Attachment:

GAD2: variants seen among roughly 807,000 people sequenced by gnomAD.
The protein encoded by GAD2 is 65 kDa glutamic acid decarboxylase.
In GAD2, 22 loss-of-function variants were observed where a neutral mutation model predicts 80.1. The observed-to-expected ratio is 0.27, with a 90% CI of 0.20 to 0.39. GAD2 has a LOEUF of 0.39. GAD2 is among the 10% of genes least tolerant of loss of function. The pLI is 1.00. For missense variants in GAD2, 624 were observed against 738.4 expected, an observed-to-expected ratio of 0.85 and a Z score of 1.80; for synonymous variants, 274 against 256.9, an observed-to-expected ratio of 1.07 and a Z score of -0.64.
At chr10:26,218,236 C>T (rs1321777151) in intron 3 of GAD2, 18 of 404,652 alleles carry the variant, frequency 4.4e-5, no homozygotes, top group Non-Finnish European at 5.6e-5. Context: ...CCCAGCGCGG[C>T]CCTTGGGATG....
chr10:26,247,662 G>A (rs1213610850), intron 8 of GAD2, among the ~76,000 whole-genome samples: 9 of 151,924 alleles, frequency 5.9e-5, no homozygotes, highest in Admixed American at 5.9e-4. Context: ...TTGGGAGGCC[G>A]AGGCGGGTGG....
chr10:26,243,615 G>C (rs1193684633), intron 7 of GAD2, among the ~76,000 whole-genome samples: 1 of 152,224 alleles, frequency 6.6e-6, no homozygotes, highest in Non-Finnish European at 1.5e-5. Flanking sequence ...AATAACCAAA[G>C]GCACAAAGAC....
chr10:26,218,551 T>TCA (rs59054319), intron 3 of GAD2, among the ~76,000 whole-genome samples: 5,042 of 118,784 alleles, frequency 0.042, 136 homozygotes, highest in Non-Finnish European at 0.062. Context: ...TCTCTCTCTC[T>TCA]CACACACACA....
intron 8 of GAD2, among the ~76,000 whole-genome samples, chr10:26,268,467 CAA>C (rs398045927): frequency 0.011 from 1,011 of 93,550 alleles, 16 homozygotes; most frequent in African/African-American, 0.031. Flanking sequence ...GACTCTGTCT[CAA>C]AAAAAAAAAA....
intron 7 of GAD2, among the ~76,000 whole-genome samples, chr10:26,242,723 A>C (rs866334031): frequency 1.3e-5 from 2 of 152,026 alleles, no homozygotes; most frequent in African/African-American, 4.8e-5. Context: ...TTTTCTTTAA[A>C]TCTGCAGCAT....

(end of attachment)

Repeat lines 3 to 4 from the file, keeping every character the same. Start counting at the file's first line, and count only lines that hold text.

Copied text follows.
In GAD2, 22 loss-of-function variants were observed where a neutral mutation model predicts 80.1. The observed-to-expected ratio is 0.27, with a 90% CI of 0.20 to 0.39. GAD2 has a LOEUF of 0.39. GAD2 is among the 10% of genes least tolerant of loss of function. The pLI is 1.00. For missense variants in GAD2, 624 were observed against 738.4 expected, an observed-to-expected ratio of 0.85 and a Z score of 1.80; for synonymous variants, 274 against 256.9, an observed-to-expected ratio of 1.07 and a Z score of -0.64.
At chr10:26,218,236 C>T (rs1321777151) in intron 3 of GAD2, 18 of 404,652 alleles carry the variant, frequency 4.4e-5, no homozygotes, top group Non-Finnish European at 5.6e-5. Context: ...CCCAGCGCGG[C>T]CCTTGGGATG....